So Lindsay can contact me (email, plong42 at gmail.com, twitter DM, @plong42) I will arrange to send the book out to ASAP. And if pastorjimmyreagan sees this, you one the last giveaway and need to contact me with shipping info.
Thanks to everyone who participated. I have at least one more book set aside as a giveaway to celebrate One Million Hits at Reading Acts. Check back next week for details.
This is the second book I am giving away in celebration of One Million Hits at Reading Acts as well as the end of the spring semester.
I have an extra copy of the latest volume of the New Documents Illustrating Early Christianity, edited by S. R. Llewelyn and J. R. Harrison, with E. J. Bridge (Eerdmans, 2012). I reviewed it when it came out a year ago and have found all ten volumes to be valuable resources. This volume has about 100 pages of cumulative index for volumes 6-10 as well as 175 pages of newly published inscriptions and papyri.
For those unaware of the New Documents series, it began under the editorship of G. H. R. Horsley in 1981. E. A. Judge was a contributor to that first volume and now serves as the director of the project. He wrote the preface to the first volume explaining the rationale for the series. Since the publication of Deissmann’s Light from the Ancient Near East (1908) and Moulton and Milligan’s Vocabulary of the Greek New Testament illustrated by the Papyri (1930), there has been a flood of new published papyri documents and inscriptions, many which are important to historians of early Christianity as well as interpreters of the New Testament. The New Document series proposed to survey newly published material and collate that material into a single printed volume as a “fresh digest of the ancient evidence.”
As I concluded in my previous review of the book, virtually every section of New Documents Volume 10 is worthy of attention. The entries make for fascinating reading and they all contribute to our understanding of the world of the New Testament and early Christianity. I highly recommend this volume to students and scholars. Every serious library should own all ten volumes of this important series.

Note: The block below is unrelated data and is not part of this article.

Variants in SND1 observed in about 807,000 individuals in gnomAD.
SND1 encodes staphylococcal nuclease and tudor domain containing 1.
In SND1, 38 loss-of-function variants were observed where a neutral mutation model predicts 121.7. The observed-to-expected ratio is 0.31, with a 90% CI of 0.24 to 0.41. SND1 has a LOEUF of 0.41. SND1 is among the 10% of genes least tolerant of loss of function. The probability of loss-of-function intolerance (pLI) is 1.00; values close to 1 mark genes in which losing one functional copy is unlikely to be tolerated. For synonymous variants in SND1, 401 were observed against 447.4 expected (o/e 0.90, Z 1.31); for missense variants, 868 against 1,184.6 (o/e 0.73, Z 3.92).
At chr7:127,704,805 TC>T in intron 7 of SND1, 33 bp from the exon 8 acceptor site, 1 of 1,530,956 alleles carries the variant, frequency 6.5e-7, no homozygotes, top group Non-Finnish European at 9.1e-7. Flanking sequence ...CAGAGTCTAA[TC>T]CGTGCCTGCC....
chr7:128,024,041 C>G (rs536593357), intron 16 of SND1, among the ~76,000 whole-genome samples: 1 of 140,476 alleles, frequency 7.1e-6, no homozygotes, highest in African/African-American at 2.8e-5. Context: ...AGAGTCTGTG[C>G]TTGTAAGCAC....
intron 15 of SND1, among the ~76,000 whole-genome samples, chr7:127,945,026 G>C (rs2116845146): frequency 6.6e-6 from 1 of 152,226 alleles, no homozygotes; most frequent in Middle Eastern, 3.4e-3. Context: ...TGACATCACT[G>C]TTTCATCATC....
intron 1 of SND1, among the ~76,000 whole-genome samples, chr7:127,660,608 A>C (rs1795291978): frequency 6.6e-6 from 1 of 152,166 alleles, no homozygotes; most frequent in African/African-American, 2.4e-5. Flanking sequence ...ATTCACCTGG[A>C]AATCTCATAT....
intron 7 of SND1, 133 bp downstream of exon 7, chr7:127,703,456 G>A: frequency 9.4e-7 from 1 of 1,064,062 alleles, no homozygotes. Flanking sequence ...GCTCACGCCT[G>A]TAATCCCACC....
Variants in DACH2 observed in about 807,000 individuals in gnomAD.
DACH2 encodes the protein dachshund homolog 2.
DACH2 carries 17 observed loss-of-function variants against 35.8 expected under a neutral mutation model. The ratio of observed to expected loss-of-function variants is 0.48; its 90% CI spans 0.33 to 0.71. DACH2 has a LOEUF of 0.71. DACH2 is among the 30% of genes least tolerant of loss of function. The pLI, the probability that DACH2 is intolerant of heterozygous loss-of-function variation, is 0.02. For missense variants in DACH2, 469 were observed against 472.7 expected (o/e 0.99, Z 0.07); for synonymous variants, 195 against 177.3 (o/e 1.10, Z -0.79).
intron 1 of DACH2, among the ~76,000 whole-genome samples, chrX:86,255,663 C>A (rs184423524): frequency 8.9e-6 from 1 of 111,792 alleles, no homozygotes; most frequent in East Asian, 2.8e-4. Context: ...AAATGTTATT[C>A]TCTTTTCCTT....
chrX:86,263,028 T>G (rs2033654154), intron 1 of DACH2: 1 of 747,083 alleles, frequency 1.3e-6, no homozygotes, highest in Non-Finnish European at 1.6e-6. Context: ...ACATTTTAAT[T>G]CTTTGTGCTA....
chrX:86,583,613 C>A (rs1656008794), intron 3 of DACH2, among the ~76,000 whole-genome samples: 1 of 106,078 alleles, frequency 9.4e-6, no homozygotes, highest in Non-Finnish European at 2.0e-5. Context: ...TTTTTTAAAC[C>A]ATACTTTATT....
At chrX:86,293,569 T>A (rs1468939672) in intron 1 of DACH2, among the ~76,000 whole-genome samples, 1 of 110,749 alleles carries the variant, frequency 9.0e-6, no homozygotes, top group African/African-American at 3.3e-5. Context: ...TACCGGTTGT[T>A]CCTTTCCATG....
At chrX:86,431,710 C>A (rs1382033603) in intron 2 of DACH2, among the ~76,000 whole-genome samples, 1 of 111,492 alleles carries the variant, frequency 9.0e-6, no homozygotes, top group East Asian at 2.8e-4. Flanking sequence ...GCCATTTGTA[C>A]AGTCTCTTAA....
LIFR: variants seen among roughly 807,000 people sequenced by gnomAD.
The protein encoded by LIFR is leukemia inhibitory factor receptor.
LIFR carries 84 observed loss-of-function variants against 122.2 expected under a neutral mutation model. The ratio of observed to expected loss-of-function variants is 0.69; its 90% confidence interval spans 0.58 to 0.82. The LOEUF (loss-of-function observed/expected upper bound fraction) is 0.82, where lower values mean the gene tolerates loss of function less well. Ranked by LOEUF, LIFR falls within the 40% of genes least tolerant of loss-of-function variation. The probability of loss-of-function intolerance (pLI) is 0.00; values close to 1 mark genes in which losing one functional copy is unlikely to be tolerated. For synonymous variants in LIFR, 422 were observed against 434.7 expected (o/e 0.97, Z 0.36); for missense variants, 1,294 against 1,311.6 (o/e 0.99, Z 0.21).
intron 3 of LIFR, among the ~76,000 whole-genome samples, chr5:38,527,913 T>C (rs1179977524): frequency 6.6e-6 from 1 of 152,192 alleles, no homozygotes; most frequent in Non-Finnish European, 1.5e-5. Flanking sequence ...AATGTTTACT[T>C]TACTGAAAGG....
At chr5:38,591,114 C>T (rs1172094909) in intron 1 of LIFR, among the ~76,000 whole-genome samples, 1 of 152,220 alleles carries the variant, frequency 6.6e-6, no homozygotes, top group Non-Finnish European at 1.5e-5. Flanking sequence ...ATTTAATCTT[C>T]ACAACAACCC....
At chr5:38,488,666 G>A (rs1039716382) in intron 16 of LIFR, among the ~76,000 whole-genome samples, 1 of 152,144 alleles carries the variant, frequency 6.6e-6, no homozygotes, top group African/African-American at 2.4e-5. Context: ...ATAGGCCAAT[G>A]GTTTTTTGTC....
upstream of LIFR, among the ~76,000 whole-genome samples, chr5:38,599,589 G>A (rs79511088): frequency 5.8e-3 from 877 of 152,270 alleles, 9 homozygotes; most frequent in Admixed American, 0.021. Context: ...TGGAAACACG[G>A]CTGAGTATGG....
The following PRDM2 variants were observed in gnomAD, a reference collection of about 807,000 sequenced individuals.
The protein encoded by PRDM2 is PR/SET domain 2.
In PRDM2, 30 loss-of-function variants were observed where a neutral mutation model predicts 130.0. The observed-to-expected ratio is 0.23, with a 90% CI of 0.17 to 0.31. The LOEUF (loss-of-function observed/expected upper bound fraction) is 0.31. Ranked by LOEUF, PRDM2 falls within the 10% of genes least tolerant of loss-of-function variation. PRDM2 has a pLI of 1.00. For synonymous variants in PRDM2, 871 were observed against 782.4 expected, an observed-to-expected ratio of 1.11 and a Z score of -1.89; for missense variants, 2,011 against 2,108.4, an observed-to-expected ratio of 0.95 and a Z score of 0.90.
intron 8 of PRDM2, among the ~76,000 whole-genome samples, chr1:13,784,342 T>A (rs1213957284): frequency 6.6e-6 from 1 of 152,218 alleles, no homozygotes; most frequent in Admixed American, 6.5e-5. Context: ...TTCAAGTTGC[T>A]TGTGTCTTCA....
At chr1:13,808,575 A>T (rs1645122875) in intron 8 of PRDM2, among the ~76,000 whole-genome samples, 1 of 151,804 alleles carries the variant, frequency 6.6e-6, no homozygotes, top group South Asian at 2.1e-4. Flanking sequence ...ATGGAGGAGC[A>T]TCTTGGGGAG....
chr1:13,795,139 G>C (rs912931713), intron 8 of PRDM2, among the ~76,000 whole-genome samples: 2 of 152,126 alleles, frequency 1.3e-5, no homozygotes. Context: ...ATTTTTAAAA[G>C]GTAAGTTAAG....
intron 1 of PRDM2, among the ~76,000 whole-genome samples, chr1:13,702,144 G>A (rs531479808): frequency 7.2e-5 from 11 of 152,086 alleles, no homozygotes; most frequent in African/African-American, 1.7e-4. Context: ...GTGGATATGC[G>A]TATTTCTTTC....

The book is new but has a remainder mark and a partially removed sticker on the cover. To have a chance at winning this book, leave a comment with your name (and anything else you need to say, think of this as a chance for catharsis). I will select on comment at random and announce the winner on May 3, 2016.
To celebrate the happiest time of the year (the beginning of school), I am going to give away a few books on Reading Acts. Two weeks ago, I gave Jake Bodet a copy of The World of the New Testament: Cultural, Social, and Historical Contexts (Grand Rapids. Mich.: Baker Academic, 2013) edited by Joel B. Green and Lee Martin McDonald. Last week I gave James Gray a new copy of Reading Luke (Zondervan, 2005).
For this week’s giveaway, I have a paperback copy of W. D. Davies, The Setting of the Sermon on the Mount (Cambridge, 1963). W. D. Davies is a scholar everyone should read. I read his Paul and Rabbinic Judaism in Bible College; it set the stage for Sanders’ Paul and Palestinian Judaism and the so-called New Perspective. His commentary on Matthew in the ICC series (with Dale Allison) is a standard. This book on the Sermon on the Mount book is older, but something of a classic. At well over 500 pages, this is a serious study of the Sermon and one that raises questions Davies works on for the rest of his career. He explores New Exodus and New Moses motifs, Jewish Messianic Expectations, the setting/background of early Judaism, early Christianity and Jesus’ ministry.
If this book is so good, why am I giving it away? I live in Grand Rapids, Michigan. You have no idea how good this town is for buying books for biblical studies. I recently bought this at Baker Books in their incredible used section, and when I went to put it on the shelf I realized I had a hardback copy already. Once again, but decaying memory is your gain, I decided I would give it away on Reading Acts rather than return it.
Same rules as last week: Enter by leaving a comment answering this question: The Sermon on the Mount, Q or no Q?
On Wednesday, September 16 I will randomly select one comment and ship the book out to the lucky winner. If you leave more than one comment, I will only count one comment per person for the contest.